If you’re lacking energy, easily annoyed, and generally feel sort of off, look to your diet. While iron deficiencies may get all the ink, it’s not the only mineral that could be missing from your meals. Lack of magnesium — a common, but silent, deficiency — impacts about half of the population, data suggests.

Source: Is this the new iron deficiency?

Sources for magnesium?  Pumpkin seeds have the most, but there’s lots of calories in nuts so spinach is the next best source (which is a concern for us on blood thinners).  Sesame seeds, black beans, sunflower seeds, navy beans are safer for us.  You can read more about magnesium here.

Salt, potassium and magnesium are three major things I try to incorporate more than I used to.  I use a Nuun tablet in my water if I’m to be doing something for longer than an hour.

Maple Syrup: Good for You?

In addition to its natural caramel-y sweetness, there’s one more reason to pour on the maple syrup: it’s actually good for you. Yes, pure maple syrup is not only high in antioxidants, but every spoonful offers nutrients like riboflavin, zinc, magnesium, calcium and potassium. According to Helen Thomas of the New York State Maple Association, maple syrup has a higher concentration of minerals and antioxidants, yet fewer calories than honey.

Source: Pour it On! Maple Syrup is Good For You

Sadly, the article is short and shorter on details about why maple syrup is good for you.  It’s basically a fluff piece for the maple syrup industry…

But it reminded me of Untapped, a competitor gel product based on maple syrup.

Coconut Water: Facts & Fiction

It is true that some companies selling coconut water have vastly overstated the benefits of the drink. It will not make you younger. It will not fight kidney disease or osteoporosis. It is not an ideal choice of fluid for people doing extremely strenuous exercise. The New York Times debunked some of those claims this summer, as they should have.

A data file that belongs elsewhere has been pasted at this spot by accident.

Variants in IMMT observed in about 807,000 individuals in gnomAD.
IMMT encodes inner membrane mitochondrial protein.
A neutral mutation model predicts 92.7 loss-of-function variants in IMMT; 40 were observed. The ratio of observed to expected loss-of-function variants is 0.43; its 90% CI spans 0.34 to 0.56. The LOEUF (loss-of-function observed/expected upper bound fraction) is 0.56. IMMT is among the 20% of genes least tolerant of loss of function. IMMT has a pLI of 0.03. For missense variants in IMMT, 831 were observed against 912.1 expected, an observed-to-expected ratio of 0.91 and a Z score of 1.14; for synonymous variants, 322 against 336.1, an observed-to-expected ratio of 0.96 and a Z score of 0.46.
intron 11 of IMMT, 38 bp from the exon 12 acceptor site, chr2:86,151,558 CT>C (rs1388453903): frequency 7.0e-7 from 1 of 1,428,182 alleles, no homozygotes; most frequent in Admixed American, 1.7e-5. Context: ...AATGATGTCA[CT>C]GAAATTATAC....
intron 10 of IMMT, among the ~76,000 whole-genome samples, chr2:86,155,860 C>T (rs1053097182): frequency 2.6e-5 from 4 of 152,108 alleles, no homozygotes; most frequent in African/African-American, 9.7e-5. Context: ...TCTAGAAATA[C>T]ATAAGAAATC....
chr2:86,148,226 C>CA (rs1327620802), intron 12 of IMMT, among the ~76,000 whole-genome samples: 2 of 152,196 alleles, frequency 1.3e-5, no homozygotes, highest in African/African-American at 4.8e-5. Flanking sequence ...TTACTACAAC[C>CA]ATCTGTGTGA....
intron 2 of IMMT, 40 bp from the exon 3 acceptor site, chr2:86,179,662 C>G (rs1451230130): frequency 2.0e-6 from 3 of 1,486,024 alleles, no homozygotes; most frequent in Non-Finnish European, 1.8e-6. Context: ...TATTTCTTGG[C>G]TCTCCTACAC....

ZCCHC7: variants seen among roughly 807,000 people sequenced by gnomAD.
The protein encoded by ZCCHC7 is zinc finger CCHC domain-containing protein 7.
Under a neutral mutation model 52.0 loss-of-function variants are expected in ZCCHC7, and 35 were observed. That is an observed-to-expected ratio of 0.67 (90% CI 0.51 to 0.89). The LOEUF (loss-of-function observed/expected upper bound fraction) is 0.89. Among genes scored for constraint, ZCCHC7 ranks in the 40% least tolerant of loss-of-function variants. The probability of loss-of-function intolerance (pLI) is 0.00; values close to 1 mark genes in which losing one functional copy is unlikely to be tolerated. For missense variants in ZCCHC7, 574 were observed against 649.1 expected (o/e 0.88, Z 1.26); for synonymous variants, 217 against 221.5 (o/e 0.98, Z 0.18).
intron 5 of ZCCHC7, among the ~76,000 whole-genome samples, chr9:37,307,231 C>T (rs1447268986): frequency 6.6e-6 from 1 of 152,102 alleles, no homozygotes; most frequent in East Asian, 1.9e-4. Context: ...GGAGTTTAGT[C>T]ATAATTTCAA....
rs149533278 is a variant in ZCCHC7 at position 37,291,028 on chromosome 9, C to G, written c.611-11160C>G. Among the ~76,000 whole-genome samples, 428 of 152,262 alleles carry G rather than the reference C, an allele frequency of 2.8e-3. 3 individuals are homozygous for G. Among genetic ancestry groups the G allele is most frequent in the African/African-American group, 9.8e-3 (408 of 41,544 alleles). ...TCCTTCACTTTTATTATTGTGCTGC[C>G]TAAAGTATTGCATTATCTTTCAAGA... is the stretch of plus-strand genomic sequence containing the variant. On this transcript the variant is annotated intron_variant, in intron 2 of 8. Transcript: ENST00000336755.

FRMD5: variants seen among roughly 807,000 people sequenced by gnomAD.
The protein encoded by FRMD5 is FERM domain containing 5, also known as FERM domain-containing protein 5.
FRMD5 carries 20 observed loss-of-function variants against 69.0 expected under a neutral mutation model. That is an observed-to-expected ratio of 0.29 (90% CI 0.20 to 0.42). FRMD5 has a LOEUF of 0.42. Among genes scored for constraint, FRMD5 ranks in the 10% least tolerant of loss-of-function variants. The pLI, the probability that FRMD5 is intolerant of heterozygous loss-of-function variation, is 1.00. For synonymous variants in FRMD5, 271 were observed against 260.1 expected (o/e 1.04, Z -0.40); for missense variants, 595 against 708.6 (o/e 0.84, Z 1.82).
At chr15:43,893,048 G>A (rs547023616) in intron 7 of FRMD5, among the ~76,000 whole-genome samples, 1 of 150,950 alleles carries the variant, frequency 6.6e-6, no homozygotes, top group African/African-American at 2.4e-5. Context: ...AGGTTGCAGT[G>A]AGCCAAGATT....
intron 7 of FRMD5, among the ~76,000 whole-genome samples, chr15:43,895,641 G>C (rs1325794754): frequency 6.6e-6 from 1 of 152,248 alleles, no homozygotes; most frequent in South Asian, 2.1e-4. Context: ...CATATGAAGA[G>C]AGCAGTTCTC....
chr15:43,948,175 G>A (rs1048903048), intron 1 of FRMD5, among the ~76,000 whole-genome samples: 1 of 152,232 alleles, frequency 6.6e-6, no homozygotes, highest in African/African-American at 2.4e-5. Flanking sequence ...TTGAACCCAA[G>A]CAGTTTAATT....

Source: Coconut Water Is Great, Shut Up

Related: What’s In It | Coconut Water (1:33 minutes)

The Surprising Health Benefits of Beans

Beans are a super healthy, super versatile and super affordable food. Beans are high in antioxidants, fiber, protein, B vitamins, iron, magnesium, potassium, copper and zinc. Eating beans regularly may decrease the risk of diabetes, heart disease, colorectal cancer, and helps with weight management. Beans are hearty, helping you feel full so you will tend to eat less.

As we get older, we need fewer calories and beans are a great way to boost the nutrition power of your meal without boosting the calories. A half-cup of beans has only about 100 calories.

Source: After-40 Nutrition: The Surprising Health Benefits of Beans

They missed something you can do with beans – make vegan brownies (recipe).  I’m conflicted about eating them – it’s way too healthy for a brownie.  I also like to add salsa to my navy beans.

Fall Foods that Benefit Your Skin and Hair

You may want to pause before gulping down that pumpkin spice latte. While everyone from Starbucks to Oreo wants you craving all pumpkin everything, there’s actually a healthy way to utilize the seasonal orange squash—the real stuff, not the sugar-high inducing, cinnamon spiked puree in a can.

You may have noticed pumpkin face masks and cranberry hair treatments flooding the beauty aisles, and while some are gimmicks capitalizing on your fall nostalgia, dermatologist Marnie Nussbaum says there are a few fall foods that can truly help your hair and skin when applied topically.

Source: Fall Foods that Benefit Your Skin and Hair